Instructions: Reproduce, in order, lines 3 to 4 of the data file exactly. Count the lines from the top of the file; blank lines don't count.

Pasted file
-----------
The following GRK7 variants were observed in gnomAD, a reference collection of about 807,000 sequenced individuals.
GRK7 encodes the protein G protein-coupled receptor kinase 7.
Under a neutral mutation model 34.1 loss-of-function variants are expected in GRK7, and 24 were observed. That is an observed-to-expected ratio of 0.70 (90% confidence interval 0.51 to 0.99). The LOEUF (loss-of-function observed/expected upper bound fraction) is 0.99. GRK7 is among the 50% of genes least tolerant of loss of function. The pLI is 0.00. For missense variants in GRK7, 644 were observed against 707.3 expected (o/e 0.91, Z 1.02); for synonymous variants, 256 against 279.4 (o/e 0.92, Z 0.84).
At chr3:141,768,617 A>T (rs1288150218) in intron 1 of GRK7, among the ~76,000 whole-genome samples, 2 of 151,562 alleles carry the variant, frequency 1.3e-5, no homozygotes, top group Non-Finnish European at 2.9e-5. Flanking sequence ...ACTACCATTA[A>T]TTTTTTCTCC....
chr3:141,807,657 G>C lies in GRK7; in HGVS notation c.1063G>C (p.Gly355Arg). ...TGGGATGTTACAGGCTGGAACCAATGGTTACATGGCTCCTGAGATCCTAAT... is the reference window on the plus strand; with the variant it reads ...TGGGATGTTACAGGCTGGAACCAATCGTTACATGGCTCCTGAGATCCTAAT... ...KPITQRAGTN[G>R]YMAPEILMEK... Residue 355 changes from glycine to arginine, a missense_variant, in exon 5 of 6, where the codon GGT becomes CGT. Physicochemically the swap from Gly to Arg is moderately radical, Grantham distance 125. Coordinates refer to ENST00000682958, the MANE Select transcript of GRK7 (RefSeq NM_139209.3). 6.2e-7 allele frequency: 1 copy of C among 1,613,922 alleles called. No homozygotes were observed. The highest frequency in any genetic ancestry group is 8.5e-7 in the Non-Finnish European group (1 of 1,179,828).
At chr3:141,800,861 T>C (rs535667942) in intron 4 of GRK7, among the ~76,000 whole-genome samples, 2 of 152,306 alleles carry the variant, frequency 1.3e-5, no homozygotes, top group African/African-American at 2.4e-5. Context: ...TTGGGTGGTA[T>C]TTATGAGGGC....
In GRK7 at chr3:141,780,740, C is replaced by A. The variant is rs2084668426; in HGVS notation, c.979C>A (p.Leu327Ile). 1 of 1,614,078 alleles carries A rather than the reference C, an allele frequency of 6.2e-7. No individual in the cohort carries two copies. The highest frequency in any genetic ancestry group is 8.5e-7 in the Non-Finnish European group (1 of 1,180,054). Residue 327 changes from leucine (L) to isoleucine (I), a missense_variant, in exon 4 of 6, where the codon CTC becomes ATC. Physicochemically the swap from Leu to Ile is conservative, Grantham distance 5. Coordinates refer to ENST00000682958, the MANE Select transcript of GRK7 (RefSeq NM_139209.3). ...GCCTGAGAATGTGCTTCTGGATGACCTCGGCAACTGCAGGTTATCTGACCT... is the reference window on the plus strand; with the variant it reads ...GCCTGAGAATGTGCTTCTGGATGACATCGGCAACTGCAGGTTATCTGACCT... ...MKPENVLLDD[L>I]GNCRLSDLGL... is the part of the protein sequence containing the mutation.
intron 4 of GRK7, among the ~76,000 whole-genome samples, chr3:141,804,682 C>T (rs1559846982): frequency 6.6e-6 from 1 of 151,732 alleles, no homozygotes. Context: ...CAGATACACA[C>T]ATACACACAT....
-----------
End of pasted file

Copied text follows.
Under a neutral mutation model 34.1 loss-of-function variants are expected in GRK7, and 24 were observed. That is an observed-to-expected ratio of 0.70 (90% confidence interval 0.51 to 0.99). The LOEUF (loss-of-function observed/expected upper bound fraction) is 0.99. GRK7 is among the 50% of genes least tolerant of loss of function. The pLI is 0.00. For missense variants in GRK7, 644 were observed against 707.3 expected (o/e 0.91, Z 1.02); for synonymous variants, 256 against 279.4 (o/e 0.92, Z 0.84).
At chr3:141,768,617 A>T (rs1288150218) in intron 1 of GRK7, among the ~76,000 whole-genome samples, 2 of 151,562 alleles carry the variant, frequency 1.3e-5, no homozygotes, top group Non-Finnish European at 2.9e-5. Flanking sequence ...ACTACCATTA[A>T]TTTTTTCTCC....